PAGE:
Tuesday, March 31, 2015

Collingwood's History

By 1843 settlers had arrived on the shores of Georgian Bay near what is now Collingwood. A sawmill and a flourmill were both erected by 1846 on the shores of the bay near the east side of the mouth of Pretty River. The area was first known as Hen and Chickens Harbour. In 1854 it was renamed Collingwood after Admiral Lord Cuthbert Collingwood, who was second in command to Admiral Horatio Nelson.

The arrival of the railroad cemented Collingwood’s value as a centre for shipping and shipbuilding. In 1883 the Shipyards opened with a special ceremony. The rail line provided the ability to transport goods, materials, and people easily and efficiently through the Great Lakes. When the Shipyard closed in 1986, it was a huge economic blow to Collingwood, but the town was able to recover quickly.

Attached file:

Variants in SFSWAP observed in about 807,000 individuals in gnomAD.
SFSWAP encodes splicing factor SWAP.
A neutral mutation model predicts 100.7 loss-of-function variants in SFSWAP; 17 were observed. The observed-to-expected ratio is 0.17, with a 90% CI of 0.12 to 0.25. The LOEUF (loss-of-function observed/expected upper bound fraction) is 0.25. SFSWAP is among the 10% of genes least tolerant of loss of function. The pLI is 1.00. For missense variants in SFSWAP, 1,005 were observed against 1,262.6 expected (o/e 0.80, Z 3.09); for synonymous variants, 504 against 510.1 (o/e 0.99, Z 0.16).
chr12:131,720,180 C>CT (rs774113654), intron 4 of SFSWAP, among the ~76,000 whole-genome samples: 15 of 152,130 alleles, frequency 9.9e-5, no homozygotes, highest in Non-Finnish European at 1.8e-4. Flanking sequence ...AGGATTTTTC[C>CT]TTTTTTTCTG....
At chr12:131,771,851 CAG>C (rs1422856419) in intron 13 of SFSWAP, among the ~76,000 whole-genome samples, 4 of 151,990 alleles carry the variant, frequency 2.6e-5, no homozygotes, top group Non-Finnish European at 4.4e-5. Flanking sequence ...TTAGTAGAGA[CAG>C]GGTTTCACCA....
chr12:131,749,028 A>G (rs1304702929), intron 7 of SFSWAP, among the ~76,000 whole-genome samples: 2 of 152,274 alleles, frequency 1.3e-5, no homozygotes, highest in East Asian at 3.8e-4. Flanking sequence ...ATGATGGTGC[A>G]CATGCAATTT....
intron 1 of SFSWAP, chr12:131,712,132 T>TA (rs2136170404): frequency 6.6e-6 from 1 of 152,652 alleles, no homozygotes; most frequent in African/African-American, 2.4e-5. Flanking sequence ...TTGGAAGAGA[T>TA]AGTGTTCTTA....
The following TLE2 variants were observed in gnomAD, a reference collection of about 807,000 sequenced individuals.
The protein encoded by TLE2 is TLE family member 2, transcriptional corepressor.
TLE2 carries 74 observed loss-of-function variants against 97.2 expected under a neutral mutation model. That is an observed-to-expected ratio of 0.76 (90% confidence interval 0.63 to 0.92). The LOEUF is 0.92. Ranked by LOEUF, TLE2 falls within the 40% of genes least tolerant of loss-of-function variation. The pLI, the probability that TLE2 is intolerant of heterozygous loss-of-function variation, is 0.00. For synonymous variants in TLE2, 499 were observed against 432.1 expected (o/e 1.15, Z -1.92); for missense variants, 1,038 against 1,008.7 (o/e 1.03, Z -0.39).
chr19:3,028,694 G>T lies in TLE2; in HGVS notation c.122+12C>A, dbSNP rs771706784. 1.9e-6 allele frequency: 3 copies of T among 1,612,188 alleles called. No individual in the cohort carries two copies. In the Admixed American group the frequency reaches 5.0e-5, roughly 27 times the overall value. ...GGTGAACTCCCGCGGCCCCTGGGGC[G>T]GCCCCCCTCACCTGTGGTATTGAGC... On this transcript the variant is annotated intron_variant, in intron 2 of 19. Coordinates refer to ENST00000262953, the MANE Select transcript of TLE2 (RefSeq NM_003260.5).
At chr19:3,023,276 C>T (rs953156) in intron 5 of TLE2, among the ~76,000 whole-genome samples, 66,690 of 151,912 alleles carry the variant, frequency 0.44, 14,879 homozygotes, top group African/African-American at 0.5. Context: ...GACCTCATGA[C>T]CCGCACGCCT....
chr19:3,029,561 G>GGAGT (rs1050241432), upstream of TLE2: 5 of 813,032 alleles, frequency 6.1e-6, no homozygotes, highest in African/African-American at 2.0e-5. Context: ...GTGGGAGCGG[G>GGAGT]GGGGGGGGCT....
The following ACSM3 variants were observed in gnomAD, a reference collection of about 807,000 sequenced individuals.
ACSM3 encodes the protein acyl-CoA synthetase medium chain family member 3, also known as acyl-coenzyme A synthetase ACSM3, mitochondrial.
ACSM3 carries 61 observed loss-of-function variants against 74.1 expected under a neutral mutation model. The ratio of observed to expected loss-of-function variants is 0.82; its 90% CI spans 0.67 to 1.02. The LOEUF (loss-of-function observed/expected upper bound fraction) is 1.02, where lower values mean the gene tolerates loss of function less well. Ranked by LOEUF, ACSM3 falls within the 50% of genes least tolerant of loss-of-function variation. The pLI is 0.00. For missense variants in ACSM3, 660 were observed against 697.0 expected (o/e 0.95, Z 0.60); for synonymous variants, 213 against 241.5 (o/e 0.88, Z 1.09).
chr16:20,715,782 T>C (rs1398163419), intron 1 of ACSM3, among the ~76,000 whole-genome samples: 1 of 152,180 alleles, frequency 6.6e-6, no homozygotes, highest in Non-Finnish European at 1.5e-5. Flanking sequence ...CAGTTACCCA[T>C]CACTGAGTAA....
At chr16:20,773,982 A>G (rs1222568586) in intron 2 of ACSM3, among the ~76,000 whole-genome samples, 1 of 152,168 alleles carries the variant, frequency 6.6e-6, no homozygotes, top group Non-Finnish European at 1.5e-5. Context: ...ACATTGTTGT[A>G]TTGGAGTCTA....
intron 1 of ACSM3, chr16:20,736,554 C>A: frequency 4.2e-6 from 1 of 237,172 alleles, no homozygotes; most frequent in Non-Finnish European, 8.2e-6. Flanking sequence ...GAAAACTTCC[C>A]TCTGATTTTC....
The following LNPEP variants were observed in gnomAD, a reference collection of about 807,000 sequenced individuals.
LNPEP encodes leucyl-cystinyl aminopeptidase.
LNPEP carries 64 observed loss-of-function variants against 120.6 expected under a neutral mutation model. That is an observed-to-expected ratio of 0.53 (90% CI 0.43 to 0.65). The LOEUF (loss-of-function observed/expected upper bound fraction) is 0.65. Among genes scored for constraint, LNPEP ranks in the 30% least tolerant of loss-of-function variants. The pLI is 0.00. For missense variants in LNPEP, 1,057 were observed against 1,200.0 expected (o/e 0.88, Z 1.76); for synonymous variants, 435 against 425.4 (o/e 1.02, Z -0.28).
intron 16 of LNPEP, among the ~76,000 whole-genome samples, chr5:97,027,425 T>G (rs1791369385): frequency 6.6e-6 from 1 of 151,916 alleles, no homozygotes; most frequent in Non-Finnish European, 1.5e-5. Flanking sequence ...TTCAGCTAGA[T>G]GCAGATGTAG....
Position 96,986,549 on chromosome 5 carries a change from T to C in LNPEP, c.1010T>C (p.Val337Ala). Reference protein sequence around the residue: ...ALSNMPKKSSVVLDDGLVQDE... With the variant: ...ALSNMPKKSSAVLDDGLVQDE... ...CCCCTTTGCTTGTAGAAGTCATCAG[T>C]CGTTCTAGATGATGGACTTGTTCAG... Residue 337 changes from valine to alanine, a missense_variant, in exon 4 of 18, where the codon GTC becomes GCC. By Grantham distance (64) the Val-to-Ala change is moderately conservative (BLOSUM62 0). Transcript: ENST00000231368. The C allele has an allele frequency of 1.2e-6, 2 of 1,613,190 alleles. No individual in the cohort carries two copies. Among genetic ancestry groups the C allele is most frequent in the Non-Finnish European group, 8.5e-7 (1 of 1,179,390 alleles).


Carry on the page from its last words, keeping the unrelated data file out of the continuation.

Click here for some postcards of some of the beautiful original historic sites in Collingwood. 

Take a look here at this video of Collingwood’s history and beauty. 

For information about Collingwood's history, check out our sources here and here.

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